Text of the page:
|Attachment parenting, to put it most simply, is believing what
we know in our heart to be true. And if we do that, we find that
we trust the child. We trust him in these ways:
- We trust that he is doing the very best he can at every
given moment, given all of his experiences up to that time.
- We trust that though he may be small in size, he is as fully
human as we are, and as deserving as we are to have his needs
- We trust that he has been born innocent, loving, and
trusting. We do not need to "turn him around", to
teach him that life is difficult, or train him to be a loving
human being - he is that at birth and all we need to do is
celebrate that, and support and sustain it.
- We don't have to give him lessons about life - life brings
its own lessons and its own frustrations.
- We recognize that in a very beautiful way, our child teaches
us - if we listen - what love is.1
- We understand that if a child "misbehaves",
instead of reacting to the behavior, we should always examine
what has been taking place in his life: what stresses,
frustrations or frightening, confusing, or difficult
situations he has just experienced. We also need to examine
whether we have brought about any of these experiences,
intentionally or not. It is our job to be responsive parents,
meeting the needs of our child; it is not the child's job to
meet our needs for a quiet and perfectly well-behaved child.
- We understand that it is unfair and unrealistic to expect a
child to behave perfectly at all times; after all, no adult
can do this either. Yet behind all punishment is the unstated
expectation that a child can and should behave perfectly at
all times; there is no leeway.
- We see that so-called "bad behavior" is in reality
nothing more than the child's attempt to communicate an
important need in the best way he can, given the present
circumstances and all of his prior experience.
"Misbehavior" is a signal to us that important needs
are not being met. - by us or by others in the child's life.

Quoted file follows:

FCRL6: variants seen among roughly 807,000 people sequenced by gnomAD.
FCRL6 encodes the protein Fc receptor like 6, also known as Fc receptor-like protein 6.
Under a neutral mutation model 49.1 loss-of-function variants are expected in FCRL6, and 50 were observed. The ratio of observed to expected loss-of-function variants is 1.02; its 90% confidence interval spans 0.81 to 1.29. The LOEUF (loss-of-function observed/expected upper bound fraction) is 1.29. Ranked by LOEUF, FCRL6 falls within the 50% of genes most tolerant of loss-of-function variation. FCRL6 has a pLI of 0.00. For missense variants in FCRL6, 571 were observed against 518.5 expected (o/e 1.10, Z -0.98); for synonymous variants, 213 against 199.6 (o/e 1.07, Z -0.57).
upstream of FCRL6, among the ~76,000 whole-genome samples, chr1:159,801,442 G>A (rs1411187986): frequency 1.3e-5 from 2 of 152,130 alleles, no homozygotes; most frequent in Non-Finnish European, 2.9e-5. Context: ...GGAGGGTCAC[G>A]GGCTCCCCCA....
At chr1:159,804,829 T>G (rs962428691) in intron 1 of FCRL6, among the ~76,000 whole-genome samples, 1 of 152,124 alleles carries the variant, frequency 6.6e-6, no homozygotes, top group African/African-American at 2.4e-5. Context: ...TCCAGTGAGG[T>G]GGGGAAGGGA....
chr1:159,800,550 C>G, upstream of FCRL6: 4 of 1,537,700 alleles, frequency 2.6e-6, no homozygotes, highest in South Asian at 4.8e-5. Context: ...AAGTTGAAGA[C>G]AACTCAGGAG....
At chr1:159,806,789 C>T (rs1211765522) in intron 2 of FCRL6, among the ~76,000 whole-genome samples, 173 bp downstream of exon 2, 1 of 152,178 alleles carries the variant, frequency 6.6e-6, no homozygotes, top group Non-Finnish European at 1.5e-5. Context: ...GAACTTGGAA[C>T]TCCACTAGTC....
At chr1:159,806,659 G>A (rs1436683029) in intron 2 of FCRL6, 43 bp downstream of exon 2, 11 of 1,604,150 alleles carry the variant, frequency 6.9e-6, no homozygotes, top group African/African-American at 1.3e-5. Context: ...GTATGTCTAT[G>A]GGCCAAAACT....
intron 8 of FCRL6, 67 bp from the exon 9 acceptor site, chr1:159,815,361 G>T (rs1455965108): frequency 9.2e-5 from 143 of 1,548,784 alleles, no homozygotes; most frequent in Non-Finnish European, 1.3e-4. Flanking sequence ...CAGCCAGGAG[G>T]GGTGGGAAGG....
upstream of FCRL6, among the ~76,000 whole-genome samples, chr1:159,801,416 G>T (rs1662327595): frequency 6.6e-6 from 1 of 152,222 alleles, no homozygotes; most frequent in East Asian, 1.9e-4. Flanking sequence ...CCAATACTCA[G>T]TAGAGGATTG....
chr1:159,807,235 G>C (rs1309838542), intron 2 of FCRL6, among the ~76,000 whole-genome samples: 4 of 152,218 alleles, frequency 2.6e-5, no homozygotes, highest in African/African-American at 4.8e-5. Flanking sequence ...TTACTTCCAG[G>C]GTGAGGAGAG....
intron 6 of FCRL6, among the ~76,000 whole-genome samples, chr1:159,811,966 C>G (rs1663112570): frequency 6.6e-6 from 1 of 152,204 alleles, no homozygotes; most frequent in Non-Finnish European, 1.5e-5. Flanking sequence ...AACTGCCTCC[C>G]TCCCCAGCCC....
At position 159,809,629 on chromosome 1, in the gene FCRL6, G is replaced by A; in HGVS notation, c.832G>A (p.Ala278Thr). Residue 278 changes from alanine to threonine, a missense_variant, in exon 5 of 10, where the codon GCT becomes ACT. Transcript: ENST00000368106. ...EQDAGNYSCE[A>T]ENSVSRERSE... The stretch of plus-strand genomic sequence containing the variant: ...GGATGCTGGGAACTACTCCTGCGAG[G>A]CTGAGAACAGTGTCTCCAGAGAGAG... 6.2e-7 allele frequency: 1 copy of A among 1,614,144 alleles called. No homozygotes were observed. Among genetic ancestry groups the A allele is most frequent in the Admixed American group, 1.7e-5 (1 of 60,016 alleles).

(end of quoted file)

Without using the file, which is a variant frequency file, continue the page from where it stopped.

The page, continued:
We should not ignore that behavior any more than we should
ignore the sound of a smoke detector. We should instead see
"bad behavior" as an opportunity - an opportunity to
reevaluate our own behavior, to learn about our child's needs,
and to meet those needs in the best way possible.
As Albert Einstein wrote, "Behind every difficulty lies an
opportunity." This is true in general, but it is profoundly
true in parenting. For example, if a child chases a ball into the
road, that is an opportunity to teach him safety measures by
practicing for similar situations in the future. The parent could
ask the child to purposely throw the ball into the road, then come
to the parent and report the situation. In this way, the real
lesson can be learned: it is the parent who needs to spend more
time teaching safety, not the child who should somehow have known
this information, and obviously does not yet know. Punishment is
the most damaging response: it is unfair, upsetting, and
confusing, and distracts the child from the learning that needs to
take place. Instead we should give gentle, respectful instruction
at the time the behavior occurs - this is exactly when the child
can relate it to his life. In this way the best learning can take
Through attachment parenting, children learn to trust
themselves, understand themselves, and eventually will be able to
use their time as adults in a meaningful and creative way, rather
than spending it in an attempt to deal with past childhood hurts,
in a way that hurts themselves or others. If an adult has no need
to deal with the past, he can live fully in the present.
As the Golden Rule suggests, attachment parenting is parenting
the child the way we wish we had been treated in childhood, the
way we wish we were treated by everyone now, and the way we want
our grandchildren to be treated. With attachment parenting, we are
giving an example of love and trust.
Our children deserve to learn what compassion is, and they
learn that most of all by our example. If our children do not
learn compassion from us, when will they learn it? The bottom line
is that all children behave as well as they are treated - by their
parents and by everyone else in their life.
Dr. Elliott Barker is a Canadian psychiatrist and the Director
of the Canadian
Society for the Prevention of Cruelty for Children. He
describes attachment parenting as having these two facets:
- Being willing and able to put yourself in your child's shoes
in order to correctly identify his/her feelings.
- Being willing and able to behave toward your child in ways
which take those feelings into account.
In short, attachment parenting is loving and trusting our
children. If we can do that, they will be able to trust us and in
turn, trust others and be trustworthy persons themselves. The
educator John Holt once said that everything he wrote could be
summed up in two words: "trust children". This is the
most precious gift we can give as parents.